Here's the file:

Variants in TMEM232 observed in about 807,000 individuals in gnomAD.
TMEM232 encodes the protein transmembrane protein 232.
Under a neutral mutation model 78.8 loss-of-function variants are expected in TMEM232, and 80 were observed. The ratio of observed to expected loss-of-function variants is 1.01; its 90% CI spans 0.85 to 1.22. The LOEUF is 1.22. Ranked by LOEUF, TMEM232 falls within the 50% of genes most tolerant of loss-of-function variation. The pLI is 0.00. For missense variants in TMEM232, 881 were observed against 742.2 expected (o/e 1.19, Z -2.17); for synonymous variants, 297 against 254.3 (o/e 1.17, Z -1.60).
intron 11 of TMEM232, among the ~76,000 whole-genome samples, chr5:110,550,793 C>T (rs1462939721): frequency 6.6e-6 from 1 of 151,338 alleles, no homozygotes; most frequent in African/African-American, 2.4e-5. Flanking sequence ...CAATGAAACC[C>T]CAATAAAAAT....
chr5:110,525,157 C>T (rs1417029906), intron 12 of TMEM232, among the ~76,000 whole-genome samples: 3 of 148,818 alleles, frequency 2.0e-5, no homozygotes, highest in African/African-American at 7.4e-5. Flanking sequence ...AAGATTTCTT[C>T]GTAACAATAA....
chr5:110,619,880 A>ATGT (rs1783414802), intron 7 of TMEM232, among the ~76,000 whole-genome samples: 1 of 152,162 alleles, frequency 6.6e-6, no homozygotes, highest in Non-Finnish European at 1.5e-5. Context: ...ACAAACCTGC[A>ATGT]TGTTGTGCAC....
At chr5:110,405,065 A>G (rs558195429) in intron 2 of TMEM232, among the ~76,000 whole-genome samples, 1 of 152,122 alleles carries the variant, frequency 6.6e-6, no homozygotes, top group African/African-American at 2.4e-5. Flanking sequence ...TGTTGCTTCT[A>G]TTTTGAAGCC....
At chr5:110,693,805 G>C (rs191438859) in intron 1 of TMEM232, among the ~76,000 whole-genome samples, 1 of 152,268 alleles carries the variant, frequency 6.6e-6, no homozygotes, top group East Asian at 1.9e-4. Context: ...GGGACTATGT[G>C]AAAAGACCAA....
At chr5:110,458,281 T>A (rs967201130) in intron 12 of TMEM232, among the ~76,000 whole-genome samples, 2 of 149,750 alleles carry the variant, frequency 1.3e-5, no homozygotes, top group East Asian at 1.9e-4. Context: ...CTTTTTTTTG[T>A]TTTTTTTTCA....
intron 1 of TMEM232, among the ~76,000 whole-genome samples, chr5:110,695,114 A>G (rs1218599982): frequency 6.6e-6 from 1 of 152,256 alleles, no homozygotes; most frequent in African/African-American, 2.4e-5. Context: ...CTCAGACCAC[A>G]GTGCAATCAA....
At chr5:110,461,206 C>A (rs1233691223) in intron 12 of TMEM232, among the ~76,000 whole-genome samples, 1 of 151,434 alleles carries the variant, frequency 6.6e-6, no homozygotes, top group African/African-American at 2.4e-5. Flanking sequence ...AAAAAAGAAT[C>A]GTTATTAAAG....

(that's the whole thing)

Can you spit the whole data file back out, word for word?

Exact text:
Variants in TMEM232 observed in about 807,000 individuals in gnomAD.
TMEM232 encodes the protein transmembrane protein 232.
Under a neutral mutation model 78.8 loss-of-function variants are expected in TMEM232, and 80 were observed. The ratio of observed to expected loss-of-function variants is 1.01; its 90% CI spans 0.85 to 1.22. The LOEUF is 1.22. Ranked by LOEUF, TMEM232 falls within the 50% of genes most tolerant of loss-of-function variation. The pLI is 0.00. For missense variants in TMEM232, 881 were observed against 742.2 expected (o/e 1.19, Z -2.17); for synonymous variants, 297 against 254.3 (o/e 1.17, Z -1.60).
intron 11 of TMEM232, among the ~76,000 whole-genome samples, chr5:110,550,793 C>T (rs1462939721): frequency 6.6e-6 from 1 of 151,338 alleles, no homozygotes; most frequent in African/African-American, 2.4e-5. Flanking sequence ...CAATGAAACC[C>T]CAATAAAAAT....
chr5:110,525,157 C>T (rs1417029906), intron 12 of TMEM232, among the ~76,000 whole-genome samples: 3 of 148,818 alleles, frequency 2.0e-5, no homozygotes, highest in African/African-American at 7.4e-5. Flanking sequence ...AAGATTTCTT[C>T]GTAACAATAA....
chr5:110,619,880 A>ATGT (rs1783414802), intron 7 of TMEM232, among the ~76,000 whole-genome samples: 1 of 152,162 alleles, frequency 6.6e-6, no homozygotes, highest in Non-Finnish European at 1.5e-5. Context: ...ACAAACCTGC[A>ATGT]TGTTGTGCAC....
At chr5:110,405,065 A>G (rs558195429) in intron 2 of TMEM232, among the ~76,000 whole-genome samples, 1 of 152,122 alleles carries the variant, frequency 6.6e-6, no homozygotes, top group African/African-American at 2.4e-5. Flanking sequence ...TGTTGCTTCT[A>G]TTTTGAAGCC....
At chr5:110,693,805 G>C (rs191438859) in intron 1 of TMEM232, among the ~76,000 whole-genome samples, 1 of 152,268 alleles carries the variant, frequency 6.6e-6, no homozygotes, top group East Asian at 1.9e-4. Context: ...GGGACTATGT[G>C]AAAAGACCAA....
At chr5:110,458,281 T>A (rs967201130) in intron 12 of TMEM232, among the ~76,000 whole-genome samples, 2 of 149,750 alleles carry the variant, frequency 1.3e-5, no homozygotes, top group East Asian at 1.9e-4. Context: ...CTTTTTTTTG[T>A]TTTTTTTTCA....
intron 1 of TMEM232, among the ~76,000 whole-genome samples, chr5:110,695,114 A>G (rs1218599982): frequency 6.6e-6 from 1 of 152,256 alleles, no homozygotes; most frequent in African/African-American, 2.4e-5. Context: ...CTCAGACCAC[A>G]GTGCAATCAA....
At chr5:110,461,206 C>A (rs1233691223) in intron 12 of TMEM232, among the ~76,000 whole-genome samples, 1 of 151,434 alleles carries the variant, frequency 6.6e-6, no homozygotes, top group African/African-American at 2.4e-5. Flanking sequence ...AAAAAAGAAT[C>A]GTTATTAAAG....